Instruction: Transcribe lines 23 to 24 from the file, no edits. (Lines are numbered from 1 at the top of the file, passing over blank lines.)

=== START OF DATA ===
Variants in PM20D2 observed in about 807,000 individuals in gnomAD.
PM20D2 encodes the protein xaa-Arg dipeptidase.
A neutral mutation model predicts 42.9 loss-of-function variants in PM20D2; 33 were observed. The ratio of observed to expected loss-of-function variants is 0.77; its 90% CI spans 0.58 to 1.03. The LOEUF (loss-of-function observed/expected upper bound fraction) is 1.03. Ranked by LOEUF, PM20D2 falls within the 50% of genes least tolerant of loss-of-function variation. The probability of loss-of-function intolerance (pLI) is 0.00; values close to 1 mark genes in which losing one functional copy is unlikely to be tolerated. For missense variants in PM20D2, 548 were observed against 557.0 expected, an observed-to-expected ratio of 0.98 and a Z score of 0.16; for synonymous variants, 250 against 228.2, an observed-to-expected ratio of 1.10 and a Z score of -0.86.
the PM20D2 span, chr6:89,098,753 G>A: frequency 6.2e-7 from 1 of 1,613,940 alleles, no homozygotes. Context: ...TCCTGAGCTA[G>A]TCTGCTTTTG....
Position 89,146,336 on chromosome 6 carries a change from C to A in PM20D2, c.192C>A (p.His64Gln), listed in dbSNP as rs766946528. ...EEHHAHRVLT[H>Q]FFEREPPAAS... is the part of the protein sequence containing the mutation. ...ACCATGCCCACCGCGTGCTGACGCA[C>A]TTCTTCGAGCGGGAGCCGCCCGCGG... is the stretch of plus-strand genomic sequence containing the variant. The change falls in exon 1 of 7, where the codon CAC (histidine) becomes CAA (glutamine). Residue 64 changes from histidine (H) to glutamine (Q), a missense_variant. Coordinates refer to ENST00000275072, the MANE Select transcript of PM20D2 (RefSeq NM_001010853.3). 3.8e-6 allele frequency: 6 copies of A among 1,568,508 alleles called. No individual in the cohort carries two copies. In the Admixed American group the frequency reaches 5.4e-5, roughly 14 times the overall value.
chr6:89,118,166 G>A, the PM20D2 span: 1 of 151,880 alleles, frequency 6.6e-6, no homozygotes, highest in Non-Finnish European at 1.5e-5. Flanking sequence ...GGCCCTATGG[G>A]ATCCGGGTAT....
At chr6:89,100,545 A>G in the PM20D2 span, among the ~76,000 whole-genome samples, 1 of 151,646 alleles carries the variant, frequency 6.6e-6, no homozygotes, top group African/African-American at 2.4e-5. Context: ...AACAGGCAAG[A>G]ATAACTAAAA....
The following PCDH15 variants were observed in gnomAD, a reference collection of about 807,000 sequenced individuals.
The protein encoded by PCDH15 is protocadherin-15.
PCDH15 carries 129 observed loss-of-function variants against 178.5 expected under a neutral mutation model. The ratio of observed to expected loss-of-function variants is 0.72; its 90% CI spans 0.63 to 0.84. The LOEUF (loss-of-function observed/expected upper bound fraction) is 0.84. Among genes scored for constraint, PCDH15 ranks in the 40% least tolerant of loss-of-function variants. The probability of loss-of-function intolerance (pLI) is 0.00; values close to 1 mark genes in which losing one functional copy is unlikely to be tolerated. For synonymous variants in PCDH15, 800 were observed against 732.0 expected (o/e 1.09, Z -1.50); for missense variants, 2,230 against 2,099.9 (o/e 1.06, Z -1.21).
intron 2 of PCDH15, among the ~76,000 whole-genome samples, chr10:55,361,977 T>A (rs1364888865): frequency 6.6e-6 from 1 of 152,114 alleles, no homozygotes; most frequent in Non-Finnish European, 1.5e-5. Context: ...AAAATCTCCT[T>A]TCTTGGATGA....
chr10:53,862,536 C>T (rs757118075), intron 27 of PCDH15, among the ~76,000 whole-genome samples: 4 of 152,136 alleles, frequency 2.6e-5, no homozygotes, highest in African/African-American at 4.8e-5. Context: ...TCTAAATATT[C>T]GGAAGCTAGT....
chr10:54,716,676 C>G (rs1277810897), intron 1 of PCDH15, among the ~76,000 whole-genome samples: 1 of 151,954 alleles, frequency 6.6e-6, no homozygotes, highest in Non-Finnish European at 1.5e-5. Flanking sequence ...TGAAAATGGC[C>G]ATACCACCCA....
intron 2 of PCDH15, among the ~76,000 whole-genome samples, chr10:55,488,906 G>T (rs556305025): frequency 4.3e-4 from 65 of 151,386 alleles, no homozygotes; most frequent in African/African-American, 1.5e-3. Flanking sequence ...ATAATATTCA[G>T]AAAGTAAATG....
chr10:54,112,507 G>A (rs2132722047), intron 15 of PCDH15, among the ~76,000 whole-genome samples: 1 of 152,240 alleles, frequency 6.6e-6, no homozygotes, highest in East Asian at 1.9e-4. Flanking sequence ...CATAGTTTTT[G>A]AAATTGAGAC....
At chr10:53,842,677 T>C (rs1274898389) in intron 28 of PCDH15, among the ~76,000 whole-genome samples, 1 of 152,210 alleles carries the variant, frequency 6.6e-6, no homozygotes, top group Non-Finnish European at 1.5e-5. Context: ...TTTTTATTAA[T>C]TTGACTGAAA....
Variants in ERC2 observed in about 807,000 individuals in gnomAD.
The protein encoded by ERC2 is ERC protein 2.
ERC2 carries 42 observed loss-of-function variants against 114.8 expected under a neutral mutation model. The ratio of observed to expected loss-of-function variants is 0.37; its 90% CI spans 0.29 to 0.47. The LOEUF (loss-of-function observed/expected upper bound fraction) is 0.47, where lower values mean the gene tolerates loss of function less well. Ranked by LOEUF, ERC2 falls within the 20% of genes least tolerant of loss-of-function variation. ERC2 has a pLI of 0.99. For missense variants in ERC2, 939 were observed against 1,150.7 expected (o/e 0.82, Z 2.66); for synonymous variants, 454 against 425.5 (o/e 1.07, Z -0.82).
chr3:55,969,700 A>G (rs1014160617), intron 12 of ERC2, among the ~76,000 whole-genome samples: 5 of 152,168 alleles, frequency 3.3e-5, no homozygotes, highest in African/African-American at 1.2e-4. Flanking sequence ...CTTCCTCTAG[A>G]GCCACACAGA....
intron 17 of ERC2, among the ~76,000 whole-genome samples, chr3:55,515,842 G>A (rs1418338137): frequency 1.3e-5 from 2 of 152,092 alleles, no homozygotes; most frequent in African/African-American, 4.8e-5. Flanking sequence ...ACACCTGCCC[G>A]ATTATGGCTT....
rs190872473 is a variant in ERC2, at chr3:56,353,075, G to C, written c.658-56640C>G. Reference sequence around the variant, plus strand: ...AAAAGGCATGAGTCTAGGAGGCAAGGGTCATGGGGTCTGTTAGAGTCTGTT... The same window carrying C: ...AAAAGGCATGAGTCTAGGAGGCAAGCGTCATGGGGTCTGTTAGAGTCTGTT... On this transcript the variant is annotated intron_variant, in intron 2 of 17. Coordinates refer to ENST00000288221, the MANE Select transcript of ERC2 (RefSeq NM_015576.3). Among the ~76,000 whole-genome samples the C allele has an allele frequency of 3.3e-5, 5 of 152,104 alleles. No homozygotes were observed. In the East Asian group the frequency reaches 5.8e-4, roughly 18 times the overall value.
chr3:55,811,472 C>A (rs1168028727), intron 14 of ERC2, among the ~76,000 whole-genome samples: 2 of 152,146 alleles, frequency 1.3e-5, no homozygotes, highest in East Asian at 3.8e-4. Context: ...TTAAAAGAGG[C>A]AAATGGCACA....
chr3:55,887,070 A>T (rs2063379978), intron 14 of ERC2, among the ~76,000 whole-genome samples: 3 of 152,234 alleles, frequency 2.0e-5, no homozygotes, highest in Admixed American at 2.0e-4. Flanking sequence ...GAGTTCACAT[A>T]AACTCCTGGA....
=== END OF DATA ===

chr3:55,811,472 C>A (rs1168028727), intron 14 of ERC2, among the ~76,000 whole-genome samples: 2 of 152,146 alleles, frequency 1.3e-5, no homozygotes, highest in East Asian at 3.8e-4. Context: ...TTAAAAGAGG[C>A]AAATGGCACA....
chr3:55,887,070 A>T (rs2063379978), intron 14 of ERC2, among the ~76,000 whole-genome samples: 3 of 152,234 alleles, frequency 2.0e-5, no homozygotes, highest in Admixed American at 2.0e-4. Flanking sequence ...GAGTTCACAT[A>T]AACTCCTGGA....